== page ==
What is Salt Concrete Finish | How to Create a Salt Finish | Rock Salt Concrete Finish Installation procedure
What is Salt Concrete Finish?
As one of the older, more conventional decorative concrete finishes, salt finish concrete has become the most popular in unfreezing / thaw regions around the country.
For a little additional cost, you can add texture to just about any hardscape. With the popularity of decorative concrete along with the wide range of decorative finishes available today, the salt finish is not used much currently.
However, Lance Boyer, owner of Trademark Concrete Systems, Oxnard, Calif., says that they occasionally see the finish specified on plans, adding that it is sometimes specified in areas between characteristic panels using more expensive decorative finishes.
The salt finish is more decorative than broom finished concrete, which is often the alternative consideration.
Landscape architects who need concrete to look like concrete tend to specify salt finishes for that reason.
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Rock Salt Concrete Finish Installation procedure
Installing salt finish concrete requires little extra material or equipment-rock salt, and a roller to press it on the surface of fresh concrete is it.
Sometimes an installation also involves colored concrete with either integral or dry-shake color hardeners. As with most decorative finishes, the timing for the installation is critical.
There’s little difference about finishing and placing concrete in preparation for a salt finish. During the bull-floating operation, care ought to be taken to remove the lines created by the float.
Finishers often finish a slab either with Fresnos or using hand trowels to get a smooth finish to record the print of the salt better. Make sure to finish just after the water sheen has disappeared from the surface.
For the best results, workers should broadcast salt once the concrete is just beginning its initial setting phase. The stiffness of the concrete needs to be the same as it would be for stamping textures or patterns.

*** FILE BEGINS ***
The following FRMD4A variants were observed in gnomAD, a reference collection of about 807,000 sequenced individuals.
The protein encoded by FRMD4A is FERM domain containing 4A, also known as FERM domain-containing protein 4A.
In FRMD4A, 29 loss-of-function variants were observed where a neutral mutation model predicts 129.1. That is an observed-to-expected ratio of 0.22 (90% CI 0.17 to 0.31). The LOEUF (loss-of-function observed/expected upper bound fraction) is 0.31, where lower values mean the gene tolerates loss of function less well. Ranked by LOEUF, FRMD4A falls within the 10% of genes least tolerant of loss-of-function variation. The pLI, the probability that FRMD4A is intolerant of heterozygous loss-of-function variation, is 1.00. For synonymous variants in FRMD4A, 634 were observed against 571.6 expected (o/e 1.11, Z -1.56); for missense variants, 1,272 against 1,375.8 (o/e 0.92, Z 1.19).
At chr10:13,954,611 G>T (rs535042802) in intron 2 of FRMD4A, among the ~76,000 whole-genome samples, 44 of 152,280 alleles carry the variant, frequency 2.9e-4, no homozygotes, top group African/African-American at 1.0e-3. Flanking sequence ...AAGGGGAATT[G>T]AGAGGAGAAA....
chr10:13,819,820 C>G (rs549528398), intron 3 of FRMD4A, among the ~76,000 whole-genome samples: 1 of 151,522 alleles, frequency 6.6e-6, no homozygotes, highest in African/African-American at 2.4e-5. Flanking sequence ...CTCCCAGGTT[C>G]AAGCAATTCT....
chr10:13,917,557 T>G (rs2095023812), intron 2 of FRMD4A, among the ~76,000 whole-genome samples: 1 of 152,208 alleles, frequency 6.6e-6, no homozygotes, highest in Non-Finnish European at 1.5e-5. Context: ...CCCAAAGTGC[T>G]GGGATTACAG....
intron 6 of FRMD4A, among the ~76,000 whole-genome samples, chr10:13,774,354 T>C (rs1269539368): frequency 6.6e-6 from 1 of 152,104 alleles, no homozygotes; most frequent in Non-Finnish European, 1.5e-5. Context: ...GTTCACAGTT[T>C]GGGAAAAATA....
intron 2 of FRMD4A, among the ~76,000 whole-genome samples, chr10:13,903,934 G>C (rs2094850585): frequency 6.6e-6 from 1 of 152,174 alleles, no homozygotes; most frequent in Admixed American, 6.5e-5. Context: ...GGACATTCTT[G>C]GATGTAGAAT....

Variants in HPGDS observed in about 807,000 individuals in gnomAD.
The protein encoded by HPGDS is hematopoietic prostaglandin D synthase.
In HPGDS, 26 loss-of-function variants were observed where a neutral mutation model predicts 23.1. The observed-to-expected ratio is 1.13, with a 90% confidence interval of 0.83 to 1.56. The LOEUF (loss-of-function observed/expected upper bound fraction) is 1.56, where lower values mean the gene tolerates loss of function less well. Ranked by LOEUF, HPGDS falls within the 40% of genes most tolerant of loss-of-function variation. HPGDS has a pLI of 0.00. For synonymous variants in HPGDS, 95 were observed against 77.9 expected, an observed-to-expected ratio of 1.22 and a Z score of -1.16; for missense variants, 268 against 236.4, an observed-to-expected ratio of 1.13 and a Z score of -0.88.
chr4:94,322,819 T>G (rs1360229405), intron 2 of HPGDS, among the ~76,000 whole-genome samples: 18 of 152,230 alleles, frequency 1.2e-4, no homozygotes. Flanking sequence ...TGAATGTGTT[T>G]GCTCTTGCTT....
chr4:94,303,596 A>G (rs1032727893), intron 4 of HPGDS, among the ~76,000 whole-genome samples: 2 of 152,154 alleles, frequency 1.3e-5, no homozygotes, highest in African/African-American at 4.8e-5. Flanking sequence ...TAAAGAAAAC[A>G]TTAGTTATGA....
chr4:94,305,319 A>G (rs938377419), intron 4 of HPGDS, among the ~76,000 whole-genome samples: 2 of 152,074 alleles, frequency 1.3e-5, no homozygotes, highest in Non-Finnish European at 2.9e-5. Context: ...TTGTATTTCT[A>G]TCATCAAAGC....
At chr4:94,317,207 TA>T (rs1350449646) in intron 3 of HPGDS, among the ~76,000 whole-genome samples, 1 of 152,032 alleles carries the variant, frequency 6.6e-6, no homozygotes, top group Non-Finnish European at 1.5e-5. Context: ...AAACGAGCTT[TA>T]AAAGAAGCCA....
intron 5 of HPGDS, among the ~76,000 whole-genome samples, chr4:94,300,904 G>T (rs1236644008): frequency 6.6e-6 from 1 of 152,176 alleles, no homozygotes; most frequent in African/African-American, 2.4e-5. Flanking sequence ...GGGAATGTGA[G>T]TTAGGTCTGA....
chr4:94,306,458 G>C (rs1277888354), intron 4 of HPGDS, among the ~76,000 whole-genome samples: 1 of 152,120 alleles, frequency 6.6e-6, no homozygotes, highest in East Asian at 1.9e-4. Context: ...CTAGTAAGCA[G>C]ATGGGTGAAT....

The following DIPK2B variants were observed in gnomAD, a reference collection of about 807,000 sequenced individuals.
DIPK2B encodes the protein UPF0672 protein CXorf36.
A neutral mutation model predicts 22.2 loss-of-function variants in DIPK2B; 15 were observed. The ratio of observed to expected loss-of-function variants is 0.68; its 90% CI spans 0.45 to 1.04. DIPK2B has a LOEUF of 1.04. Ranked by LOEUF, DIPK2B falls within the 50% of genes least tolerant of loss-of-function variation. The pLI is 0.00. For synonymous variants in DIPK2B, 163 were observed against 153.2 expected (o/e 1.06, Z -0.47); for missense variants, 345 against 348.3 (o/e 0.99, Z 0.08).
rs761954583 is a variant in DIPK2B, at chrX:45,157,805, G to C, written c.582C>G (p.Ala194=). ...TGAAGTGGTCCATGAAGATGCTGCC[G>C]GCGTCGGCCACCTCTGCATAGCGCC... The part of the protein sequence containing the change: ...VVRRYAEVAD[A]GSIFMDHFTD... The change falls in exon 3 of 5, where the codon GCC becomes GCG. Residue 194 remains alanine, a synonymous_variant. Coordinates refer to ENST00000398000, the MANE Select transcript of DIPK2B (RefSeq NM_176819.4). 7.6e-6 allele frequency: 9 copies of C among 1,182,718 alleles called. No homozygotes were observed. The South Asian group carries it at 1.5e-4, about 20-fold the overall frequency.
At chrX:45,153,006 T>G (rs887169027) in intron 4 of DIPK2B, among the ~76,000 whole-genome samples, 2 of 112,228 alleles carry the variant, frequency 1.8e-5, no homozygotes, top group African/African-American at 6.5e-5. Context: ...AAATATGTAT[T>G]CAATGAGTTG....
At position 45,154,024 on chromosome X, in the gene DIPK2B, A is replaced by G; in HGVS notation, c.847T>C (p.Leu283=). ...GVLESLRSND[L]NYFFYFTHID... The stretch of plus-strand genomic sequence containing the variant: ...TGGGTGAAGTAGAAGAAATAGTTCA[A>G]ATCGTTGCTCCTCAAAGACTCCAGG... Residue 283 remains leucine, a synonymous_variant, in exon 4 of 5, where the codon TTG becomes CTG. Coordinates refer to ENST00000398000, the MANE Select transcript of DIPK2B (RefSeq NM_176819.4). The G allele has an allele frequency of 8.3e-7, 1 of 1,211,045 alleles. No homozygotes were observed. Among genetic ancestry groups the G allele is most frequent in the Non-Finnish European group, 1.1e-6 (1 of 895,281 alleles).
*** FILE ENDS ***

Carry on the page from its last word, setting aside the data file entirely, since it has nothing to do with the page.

If you push your finger with moderate pressure to the surface, it must penetrate approximately 1/4 inch at most.
Some finishers also gauge timing by lightly pressing the surface to see if concrete paste or colour sticks for their finger–proceeding when there’s no residue in their finger. Rock salt rated as”coarse” or”extra coarse” would be the most popular sizes to use.
Because it’s broadcasted by hand in a similar way to throwing dry-shake colour hardeners, skill is required by the worker to achieve an even distribution.
Having good access around the work area also is important, so broadcasting is limited to 15 or 20 lineal feet.
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How to Create a Salt Finish.
As its name implies, a salt finish is traditionally achieved with the same coarse rock salt sold to be used in water softeners or as a deicer in winter.
Concrete finishers broadcast the salt particles over moist concrete and then press the grains to the surface using a roller or float.
After the concrete sets (Final Setting Time of Concrete), they power wash away the salt, revealing a speckled pattern of shallow indentations left by the dislodged salt particles.
While salt is relatively quick and easy to master, there are newer methods which may speed up the procedure for doing away with the salt altogether.
Salt finishes are more commonplace in the warmer southern and western regions of the country. The reason in areas subject to freezing weather, water will accumulate from the indentations and freeze, potentially causing spalling.
But if you like the look and use of good-quality concrete protected by a waterproofing sealer, a salt finish ought to be durable enough to endure any climate.
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Creative Ways of Use a Salt Finish.
Salt finishes are attractive alone but are particularly stunning when used in combination with coloured concrete and other decorative finishes.
Some contractors who specialize in stamped concrete usage salt finish as an interesting contrast to brick and stone patterns.
Landscapers have long relied on salt finishes to create rustic garden pathways with the look of natural stone. And the finish is still quite popular with pool contractors, owing to its inherent nonskid texture.
Other Creative Ways to Use a Salt finish Concrete:
- As a decorative Edge for swirl-troweled or broom-textured concrete
- In large panels bordered by bands of smooth concrete
- To add texture to Coloured concrete overlays
- In square or diamond-shaped panel arrangements separated by scored or saw-cut joints
Salt Finish Concrete
A salt finish is a simple and inexpensive way to dress up what would otherwise be plain concrete flatwork. It’s achieved by pressing coarse rock salt into the surface of fresh concrete, allowing the concrete to set, and then washing the salt away with a stream of water.
Salt on Concrete
The answer is yes, salt does indirectly damage your concrete driveways, patios and sidewalks. Bumps and potholes don’t just appear due to regular wear and tear – salt damages concrete over time by causing corrosion to occur under the surface, leading to discolored, cracked and crumbling concrete.
Salt damage to concrete mainly occurs due to chemicals that react with the surface of the road or pavement. In lower temperatures, this extra water adds additional ice to the concrete upon refreezing, which adds hydraulic pressure to the concrete. However, good quality concrete is more resistant to salt damage.
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